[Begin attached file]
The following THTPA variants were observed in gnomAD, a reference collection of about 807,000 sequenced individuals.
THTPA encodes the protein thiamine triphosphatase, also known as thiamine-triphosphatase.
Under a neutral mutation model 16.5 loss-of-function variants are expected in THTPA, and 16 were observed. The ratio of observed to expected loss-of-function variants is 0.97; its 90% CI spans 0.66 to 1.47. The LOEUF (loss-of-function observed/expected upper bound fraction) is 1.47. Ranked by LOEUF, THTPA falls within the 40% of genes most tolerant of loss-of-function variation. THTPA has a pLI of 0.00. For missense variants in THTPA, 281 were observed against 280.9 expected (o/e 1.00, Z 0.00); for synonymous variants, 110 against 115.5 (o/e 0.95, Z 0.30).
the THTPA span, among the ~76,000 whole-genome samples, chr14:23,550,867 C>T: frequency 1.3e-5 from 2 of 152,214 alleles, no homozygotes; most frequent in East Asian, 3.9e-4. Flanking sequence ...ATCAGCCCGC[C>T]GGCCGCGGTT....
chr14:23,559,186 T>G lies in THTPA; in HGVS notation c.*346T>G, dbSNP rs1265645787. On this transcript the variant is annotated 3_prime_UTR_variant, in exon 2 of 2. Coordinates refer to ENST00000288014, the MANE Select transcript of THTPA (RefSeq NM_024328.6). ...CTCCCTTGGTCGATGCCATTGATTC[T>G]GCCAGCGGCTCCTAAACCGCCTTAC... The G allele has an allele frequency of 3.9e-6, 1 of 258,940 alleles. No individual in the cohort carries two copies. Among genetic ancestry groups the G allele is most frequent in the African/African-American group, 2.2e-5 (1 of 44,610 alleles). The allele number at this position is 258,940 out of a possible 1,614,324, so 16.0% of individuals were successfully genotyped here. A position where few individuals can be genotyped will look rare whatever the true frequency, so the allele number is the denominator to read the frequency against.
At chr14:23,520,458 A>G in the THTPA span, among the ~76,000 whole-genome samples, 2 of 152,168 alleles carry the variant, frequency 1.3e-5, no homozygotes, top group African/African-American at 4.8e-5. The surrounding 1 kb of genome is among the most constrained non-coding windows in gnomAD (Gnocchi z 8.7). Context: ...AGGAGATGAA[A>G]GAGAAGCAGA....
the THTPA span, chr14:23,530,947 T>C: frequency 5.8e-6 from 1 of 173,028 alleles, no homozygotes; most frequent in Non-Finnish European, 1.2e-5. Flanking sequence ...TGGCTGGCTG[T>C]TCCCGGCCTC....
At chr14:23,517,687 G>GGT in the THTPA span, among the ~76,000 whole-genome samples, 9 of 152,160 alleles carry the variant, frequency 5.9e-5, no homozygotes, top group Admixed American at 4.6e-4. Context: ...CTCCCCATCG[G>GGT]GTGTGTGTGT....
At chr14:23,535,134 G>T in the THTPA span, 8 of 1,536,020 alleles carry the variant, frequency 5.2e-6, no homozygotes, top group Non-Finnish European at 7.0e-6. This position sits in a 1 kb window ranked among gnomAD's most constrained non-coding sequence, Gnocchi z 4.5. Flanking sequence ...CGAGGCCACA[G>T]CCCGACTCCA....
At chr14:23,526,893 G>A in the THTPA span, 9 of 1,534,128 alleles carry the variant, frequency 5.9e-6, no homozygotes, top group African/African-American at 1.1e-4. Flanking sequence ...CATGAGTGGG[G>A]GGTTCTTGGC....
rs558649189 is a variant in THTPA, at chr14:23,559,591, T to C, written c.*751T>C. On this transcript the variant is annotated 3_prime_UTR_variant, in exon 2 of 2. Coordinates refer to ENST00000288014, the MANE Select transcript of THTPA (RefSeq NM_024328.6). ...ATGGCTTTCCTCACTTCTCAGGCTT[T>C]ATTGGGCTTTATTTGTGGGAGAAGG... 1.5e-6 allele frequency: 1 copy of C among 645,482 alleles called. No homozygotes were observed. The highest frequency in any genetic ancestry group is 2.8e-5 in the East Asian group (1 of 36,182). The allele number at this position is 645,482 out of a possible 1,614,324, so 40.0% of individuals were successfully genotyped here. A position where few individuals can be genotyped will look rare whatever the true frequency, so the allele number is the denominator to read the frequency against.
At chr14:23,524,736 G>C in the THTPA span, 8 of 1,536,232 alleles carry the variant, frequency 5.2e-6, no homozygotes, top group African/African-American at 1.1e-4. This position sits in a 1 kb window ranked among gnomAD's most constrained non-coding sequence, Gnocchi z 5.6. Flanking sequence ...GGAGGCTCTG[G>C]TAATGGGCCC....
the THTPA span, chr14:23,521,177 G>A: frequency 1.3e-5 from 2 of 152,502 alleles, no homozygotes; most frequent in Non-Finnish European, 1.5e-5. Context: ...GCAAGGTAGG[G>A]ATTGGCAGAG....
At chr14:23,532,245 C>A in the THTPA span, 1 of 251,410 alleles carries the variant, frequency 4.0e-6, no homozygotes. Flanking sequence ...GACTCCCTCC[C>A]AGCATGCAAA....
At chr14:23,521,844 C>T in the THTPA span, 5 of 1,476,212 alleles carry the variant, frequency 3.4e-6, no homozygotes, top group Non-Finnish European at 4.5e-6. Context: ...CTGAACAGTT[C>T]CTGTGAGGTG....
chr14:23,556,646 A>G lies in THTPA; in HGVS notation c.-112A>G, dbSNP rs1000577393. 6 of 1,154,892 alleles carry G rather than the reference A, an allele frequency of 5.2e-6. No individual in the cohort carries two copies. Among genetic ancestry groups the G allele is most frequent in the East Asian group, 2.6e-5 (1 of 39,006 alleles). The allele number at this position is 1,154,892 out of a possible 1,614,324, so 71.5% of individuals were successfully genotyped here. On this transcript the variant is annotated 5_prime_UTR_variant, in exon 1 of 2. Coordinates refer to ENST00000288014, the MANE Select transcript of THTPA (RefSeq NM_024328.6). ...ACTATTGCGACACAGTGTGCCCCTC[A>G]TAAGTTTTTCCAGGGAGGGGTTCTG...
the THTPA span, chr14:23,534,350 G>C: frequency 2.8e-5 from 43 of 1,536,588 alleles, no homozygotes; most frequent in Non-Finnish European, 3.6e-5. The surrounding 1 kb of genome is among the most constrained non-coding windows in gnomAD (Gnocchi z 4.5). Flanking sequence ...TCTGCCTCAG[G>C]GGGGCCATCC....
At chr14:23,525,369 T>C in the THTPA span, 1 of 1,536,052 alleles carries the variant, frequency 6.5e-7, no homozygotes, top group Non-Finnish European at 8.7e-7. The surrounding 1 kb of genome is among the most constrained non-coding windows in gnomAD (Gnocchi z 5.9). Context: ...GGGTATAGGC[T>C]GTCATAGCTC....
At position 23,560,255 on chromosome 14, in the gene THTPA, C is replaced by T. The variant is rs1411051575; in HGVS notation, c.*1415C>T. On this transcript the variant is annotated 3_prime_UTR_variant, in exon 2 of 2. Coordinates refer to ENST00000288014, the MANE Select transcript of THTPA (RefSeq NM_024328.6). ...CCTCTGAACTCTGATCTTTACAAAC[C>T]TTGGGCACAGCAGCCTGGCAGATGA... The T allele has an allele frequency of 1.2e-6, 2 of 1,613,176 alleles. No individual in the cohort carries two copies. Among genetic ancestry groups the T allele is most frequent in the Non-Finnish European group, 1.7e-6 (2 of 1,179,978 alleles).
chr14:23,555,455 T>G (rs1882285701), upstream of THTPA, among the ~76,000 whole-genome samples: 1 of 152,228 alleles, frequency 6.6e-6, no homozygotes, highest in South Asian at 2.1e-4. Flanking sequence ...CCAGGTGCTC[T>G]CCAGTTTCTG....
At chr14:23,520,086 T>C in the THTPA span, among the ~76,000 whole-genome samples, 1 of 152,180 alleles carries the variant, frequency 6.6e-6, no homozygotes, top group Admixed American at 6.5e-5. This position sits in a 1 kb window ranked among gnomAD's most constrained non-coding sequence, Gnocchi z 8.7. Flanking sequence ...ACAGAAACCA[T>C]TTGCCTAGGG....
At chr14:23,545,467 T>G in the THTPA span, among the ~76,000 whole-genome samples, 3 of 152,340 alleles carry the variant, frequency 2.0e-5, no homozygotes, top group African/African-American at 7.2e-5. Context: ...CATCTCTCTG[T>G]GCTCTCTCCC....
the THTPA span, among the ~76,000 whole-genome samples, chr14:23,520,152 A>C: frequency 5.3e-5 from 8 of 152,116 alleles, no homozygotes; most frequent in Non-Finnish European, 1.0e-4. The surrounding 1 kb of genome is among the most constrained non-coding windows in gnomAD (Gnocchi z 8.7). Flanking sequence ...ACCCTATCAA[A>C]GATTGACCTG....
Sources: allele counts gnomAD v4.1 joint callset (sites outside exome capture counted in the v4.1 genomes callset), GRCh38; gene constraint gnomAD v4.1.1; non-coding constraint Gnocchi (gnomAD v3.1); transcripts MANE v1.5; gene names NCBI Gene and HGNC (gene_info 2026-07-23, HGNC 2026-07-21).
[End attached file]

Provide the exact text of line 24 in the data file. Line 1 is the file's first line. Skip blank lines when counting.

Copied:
Sources: allele counts gnomAD v4.1 joint callset (sites outside exome capture counted in the v4.1 genomes callset), GRCh38; gene constraint gnomAD v4.1.1; non-coding constraint Gnocchi (gnomAD v3.1); transcripts MANE v1.5; gene names NCBI Gene and HGNC (gene_info 2026-07-23, HGNC 2026-07-21).